During his first two full seasons as head coach, Swinney believed he could do everything. He even signaled plays from the sideline to his quarterback. Then he gambled in 2011 on Chad Morris, who plied his trade at the high school level, save for one year at Tulsa. Swinney rewarded Morris with a $1.3 million annual salary to be the offensive coordinator. More importantly, Swinney turned the keys to the offense over to Morris, who left Clemson a year ago to be SMU’s head coach.

Following an embarrassing 70-33 loss to West Virginia in the 2012 Orange Bowl, Swinney fired Kevin Steele as his defensive coordinator and hired Brent Venables away from Oklahoma with an $800,000 salary. Later, when Venables’ salary jumped to $1.35 million, Swinney had the highest payroll among assistant coaches in the country.

In 2011, Clemson announced $50 million in facilities upgrades for football, including $15.3 million to complete the WestZone project in the end zone at Clemson’s Memorial Stadium and $10 million for an indoor practice facility. Even though the WestZone facility, which houses coaches’ offices and team meeting rooms, is among the finest in the country, Clemson recently announced plans for an upgraded $60 million football facility to be completed in 2017.

‘Greatest asset’

Swinney wanted, and usually received, nothing but the best. He also incorporated a throwback business model, believing that his “employees” were the program’s most valuable commodity.

“That’s the greatest asset we have are these guys on the team, not the guys we’re recruiting,” Swinney says. “It’s the guys on the team. You do a great job with developing your players. You do a great job with loving your players, serving them, caring about them, the recruiting will take care of itself.”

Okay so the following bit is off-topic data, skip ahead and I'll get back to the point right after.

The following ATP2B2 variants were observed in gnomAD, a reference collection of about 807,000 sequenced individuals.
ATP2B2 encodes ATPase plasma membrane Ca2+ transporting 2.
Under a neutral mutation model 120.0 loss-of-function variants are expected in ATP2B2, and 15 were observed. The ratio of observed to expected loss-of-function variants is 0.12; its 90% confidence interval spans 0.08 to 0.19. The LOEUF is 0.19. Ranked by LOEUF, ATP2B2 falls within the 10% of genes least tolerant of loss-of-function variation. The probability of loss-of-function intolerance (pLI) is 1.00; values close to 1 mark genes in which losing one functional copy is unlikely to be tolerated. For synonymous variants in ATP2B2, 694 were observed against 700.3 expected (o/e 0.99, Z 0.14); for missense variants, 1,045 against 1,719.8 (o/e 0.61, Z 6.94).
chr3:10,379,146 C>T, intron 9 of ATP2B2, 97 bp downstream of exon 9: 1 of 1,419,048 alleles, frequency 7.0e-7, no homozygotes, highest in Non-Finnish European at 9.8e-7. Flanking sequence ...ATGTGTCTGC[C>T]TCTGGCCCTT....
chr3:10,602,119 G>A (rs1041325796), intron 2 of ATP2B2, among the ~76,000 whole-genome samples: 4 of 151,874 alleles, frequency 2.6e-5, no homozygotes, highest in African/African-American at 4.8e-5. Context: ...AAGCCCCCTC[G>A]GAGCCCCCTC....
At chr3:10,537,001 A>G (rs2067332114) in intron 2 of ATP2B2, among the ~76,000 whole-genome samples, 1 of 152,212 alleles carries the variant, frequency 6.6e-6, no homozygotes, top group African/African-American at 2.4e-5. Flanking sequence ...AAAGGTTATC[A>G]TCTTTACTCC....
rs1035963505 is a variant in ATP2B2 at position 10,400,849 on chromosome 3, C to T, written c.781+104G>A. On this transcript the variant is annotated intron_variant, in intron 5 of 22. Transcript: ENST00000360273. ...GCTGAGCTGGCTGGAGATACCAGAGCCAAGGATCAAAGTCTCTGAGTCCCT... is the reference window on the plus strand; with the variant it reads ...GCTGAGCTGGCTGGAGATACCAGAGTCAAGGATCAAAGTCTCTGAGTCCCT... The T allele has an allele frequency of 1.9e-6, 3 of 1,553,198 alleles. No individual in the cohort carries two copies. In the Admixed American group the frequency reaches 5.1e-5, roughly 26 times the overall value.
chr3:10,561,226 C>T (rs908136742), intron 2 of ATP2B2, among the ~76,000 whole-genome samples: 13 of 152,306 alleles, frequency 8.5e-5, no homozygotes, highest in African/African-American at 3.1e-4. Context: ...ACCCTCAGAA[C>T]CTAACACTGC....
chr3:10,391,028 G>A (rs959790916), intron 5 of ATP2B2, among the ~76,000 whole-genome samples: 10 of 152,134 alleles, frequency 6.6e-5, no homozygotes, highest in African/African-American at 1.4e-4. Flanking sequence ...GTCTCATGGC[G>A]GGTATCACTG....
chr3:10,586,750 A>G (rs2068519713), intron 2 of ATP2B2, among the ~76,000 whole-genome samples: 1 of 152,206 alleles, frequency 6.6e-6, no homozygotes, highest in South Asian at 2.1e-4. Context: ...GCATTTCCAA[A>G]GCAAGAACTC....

Swinney arranged early on for his players to be transported a few hundred yards by shuttle from the locker room to practice fields. A reporter asked him what Bear Bryant would have thought of that, and Swinney responded that the legendary coach would have seen it as a “class” way of doing things.

No detail is too small for Swinney, who also serves as the program’s master motivator. He often is both parts P.T. Barnham and Norman Vincent Peale, whether it is showing off his latest “Ney Ney” dance moves to his team following a win or finding ways to pump up his club before a big game.

Clemson carried a five-game losing streak against its rival into the 2014 game versus South Carolina when Swinney heard Michael Jackson on the radio singing “Man in the Mirror.” In hearing Jackson crooning “I’m gonna make a change/For once in my life,” Swinney immediately purchased more than 100 small mirrors, distributed them to his team and implored each player to look within himself to find ways to beat the Gamecocks.

Clemson won that game, and has won every one since. In producing an unbeaten regular season and a rise to the top of all national polls, Swinney has elevated his own status among his fan base as well as his profile nationally. There is every reason to believe he could add an exclamation mark to his name – Dabo! – and run for a statewide office. You can bet Swinney would be “All In” with his political campaign, and most certainly would bring his own guts.